Mean teasing comes at a particularly bad time in early adolescence (ages 9 - 13) because young people are developmentally vulnerable on several psychological counts.

First, as they separate from childhood and begin their journey to independence, early adolescents can create a negative mindset by rejecting valued aspects of who and how they were to create new freedom grow. Growing up requires giving up some old definition to make way for another. In words and actions the early adolescent declares: "I don't want to be treated and seen as just a child anymore!"

Accompanying this casting off is a self-esteem drop as some child activities with parents, some personal interests and hobbies, and some old friendships (all pillars of self-esteem) are thrown away. Now more down on themselves, they are easily hurt when mean teasing occurs. They will need several years to redefine themselves to more positive effect (which is why 8th graders often display higher self-esteem than 6th graders.)

Second, many young people start puberty (developing sexual maturity) during these early adolescent years, undergoing physical changes they do not control and often do not like. As they now begin their journey to young manhood or young womanhood, they are measuring themselves against youthful male and female ideals glamorized by the popular culture, ideals that feel totally out of reach.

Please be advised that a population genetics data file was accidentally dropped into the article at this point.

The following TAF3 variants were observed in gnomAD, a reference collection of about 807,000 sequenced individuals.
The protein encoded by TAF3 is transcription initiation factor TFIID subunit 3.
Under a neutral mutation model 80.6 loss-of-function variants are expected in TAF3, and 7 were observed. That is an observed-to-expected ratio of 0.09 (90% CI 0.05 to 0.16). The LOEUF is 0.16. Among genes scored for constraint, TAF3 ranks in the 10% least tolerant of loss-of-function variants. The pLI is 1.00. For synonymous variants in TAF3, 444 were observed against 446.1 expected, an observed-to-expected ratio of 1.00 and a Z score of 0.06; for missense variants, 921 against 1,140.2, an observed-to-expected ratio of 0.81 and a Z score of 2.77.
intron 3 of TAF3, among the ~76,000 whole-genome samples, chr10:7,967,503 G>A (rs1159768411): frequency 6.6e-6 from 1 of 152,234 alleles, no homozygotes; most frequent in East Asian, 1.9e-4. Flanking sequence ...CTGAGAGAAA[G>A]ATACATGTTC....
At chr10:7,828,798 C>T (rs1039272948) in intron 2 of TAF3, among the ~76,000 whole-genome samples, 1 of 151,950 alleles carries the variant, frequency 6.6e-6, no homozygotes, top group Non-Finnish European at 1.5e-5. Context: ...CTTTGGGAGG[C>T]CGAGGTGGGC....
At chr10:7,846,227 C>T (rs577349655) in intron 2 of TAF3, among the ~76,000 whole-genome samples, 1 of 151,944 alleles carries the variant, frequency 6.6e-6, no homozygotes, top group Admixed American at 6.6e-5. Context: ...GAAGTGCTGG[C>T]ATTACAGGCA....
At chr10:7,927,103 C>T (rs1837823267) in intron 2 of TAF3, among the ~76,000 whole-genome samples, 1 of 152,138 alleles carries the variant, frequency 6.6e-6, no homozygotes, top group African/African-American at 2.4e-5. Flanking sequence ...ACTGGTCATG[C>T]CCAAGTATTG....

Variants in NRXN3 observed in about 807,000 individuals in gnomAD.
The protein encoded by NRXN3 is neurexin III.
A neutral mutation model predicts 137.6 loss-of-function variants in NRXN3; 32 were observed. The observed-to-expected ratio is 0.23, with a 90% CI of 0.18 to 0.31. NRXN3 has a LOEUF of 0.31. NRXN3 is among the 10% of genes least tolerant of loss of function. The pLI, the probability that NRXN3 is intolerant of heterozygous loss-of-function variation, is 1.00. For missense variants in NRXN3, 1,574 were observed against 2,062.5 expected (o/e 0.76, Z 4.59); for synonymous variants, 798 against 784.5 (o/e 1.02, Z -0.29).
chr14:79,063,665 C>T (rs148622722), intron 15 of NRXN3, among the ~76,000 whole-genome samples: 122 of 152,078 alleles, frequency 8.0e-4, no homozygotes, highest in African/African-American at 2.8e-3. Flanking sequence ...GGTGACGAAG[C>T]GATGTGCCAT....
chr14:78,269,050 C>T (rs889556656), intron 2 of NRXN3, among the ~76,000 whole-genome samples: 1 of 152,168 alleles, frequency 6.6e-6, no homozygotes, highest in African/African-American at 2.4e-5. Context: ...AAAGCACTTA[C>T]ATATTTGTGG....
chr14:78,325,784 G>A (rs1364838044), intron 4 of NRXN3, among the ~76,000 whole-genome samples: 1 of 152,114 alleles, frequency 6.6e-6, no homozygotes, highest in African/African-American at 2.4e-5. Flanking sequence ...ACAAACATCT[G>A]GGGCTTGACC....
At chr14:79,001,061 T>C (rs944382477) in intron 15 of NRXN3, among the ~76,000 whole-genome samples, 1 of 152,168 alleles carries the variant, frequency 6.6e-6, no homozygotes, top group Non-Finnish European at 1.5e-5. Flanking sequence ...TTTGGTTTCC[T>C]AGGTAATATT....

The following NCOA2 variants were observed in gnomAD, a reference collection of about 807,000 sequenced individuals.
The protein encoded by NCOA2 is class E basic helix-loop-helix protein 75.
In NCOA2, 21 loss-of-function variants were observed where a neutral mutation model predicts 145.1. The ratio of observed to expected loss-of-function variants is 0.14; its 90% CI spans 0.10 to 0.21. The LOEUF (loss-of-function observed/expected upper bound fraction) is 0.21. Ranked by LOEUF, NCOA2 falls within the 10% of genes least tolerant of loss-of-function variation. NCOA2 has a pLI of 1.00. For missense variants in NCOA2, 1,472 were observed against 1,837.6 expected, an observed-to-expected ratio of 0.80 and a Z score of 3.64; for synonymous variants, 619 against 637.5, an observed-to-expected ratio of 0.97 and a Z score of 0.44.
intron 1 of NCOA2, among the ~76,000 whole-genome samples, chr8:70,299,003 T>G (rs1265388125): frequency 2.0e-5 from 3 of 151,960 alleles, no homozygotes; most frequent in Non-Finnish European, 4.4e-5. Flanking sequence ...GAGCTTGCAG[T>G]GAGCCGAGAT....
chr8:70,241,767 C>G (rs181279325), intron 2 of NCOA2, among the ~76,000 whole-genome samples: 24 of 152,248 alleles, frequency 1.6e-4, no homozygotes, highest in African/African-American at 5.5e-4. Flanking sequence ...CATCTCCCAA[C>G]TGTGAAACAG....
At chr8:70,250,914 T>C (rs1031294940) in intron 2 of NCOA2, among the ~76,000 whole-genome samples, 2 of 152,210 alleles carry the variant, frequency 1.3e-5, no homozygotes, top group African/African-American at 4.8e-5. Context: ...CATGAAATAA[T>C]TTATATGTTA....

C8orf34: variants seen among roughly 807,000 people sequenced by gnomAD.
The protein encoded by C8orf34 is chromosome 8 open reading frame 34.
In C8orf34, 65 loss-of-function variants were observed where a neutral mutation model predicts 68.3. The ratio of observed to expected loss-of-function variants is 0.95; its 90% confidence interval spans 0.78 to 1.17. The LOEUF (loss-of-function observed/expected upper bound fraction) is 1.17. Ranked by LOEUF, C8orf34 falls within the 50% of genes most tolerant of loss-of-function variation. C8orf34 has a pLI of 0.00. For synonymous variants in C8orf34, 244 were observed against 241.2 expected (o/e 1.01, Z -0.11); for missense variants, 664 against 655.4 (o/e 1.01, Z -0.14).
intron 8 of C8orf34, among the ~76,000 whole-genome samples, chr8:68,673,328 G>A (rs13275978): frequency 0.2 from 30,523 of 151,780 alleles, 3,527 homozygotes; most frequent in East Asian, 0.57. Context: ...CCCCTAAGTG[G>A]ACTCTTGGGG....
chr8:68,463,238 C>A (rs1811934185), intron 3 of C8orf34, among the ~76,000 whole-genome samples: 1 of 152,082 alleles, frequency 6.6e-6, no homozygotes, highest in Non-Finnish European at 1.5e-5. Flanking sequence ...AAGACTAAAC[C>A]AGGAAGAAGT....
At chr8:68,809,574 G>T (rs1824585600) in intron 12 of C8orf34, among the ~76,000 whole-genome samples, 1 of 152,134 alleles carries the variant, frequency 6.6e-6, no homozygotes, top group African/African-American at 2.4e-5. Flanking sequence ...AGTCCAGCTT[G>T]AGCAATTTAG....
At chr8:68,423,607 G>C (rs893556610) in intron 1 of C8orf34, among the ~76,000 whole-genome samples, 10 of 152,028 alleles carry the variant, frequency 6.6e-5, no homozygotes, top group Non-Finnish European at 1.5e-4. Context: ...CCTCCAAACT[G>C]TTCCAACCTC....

Mean teasing only makes the person teased more acutely self-conscious and insecure about their emerging manly or womanly appearance. Boys can be made to feel deficient for not appearing strong enough. Girls can be made to feel deficient by appearing not thin enough. In both cases, teasing labels them as sexually unattractive according to the limited norms of the age.

Third, part of acting more socially independent of parents at this age is creating a socially independent family of peers, all vying with each other for social place in a world where everyone is feeling developmentally insecure. Mean teasing is one of the tools young people often use for social survival,both to defend and advance themselves - putting someone down to retaliate or put oneself ahead.

For the person teased, mean teasing serves like a social mirror ("What other people think of me") in which to see one self. When those social reviews are believed, he or she can develop a painfully self-critical attitude. "They don't like me, and neither do I!"